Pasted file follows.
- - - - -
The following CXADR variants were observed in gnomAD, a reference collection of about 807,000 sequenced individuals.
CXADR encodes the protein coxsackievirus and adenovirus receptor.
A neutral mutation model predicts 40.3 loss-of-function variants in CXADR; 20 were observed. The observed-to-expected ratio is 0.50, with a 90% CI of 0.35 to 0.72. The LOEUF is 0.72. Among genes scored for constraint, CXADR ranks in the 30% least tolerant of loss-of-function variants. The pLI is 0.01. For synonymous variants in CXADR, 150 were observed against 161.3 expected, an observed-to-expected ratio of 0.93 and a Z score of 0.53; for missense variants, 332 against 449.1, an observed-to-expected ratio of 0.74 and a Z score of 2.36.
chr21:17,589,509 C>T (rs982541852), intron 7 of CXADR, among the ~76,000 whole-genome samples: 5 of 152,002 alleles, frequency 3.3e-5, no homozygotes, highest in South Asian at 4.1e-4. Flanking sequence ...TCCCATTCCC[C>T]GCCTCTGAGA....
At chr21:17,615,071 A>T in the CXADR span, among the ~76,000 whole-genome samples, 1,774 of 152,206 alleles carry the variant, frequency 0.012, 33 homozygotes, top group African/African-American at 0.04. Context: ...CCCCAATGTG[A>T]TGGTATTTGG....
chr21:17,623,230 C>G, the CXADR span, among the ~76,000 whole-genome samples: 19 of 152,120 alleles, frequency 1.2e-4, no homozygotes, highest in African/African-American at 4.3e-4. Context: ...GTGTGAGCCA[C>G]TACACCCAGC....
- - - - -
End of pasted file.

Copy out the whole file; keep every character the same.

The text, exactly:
The following CXADR variants were observed in gnomAD, a reference collection of about 807,000 sequenced individuals.
CXADR encodes the protein coxsackievirus and adenovirus receptor.
A neutral mutation model predicts 40.3 loss-of-function variants in CXADR; 20 were observed. The observed-to-expected ratio is 0.50, with a 90% CI of 0.35 to 0.72. The LOEUF is 0.72. Among genes scored for constraint, CXADR ranks in the 30% least tolerant of loss-of-function variants. The pLI is 0.01. For synonymous variants in CXADR, 150 were observed against 161.3 expected, an observed-to-expected ratio of 0.93 and a Z score of 0.53; for missense variants, 332 against 449.1, an observed-to-expected ratio of 0.74 and a Z score of 2.36.
chr21:17,589,509 C>T (rs982541852), intron 7 of CXADR, among the ~76,000 whole-genome samples: 5 of 152,002 alleles, frequency 3.3e-5, no homozygotes, highest in South Asian at 4.1e-4. Flanking sequence ...TCCCATTCCC[C>T]GCCTCTGAGA....
At chr21:17,615,071 A>T in the CXADR span, among the ~76,000 whole-genome samples, 1,774 of 152,206 alleles carry the variant, frequency 0.012, 33 homozygotes, top group African/African-American at 0.04. Context: ...CCCCAATGTG[A>T]TGGTATTTGG....
chr21:17,623,230 C>G, the CXADR span, among the ~76,000 whole-genome samples: 19 of 152,120 alleles, frequency 1.2e-4, no homozygotes, highest in African/African-American at 4.3e-4. Context: ...GTGTGAGCCA[C>G]TACACCCAGC....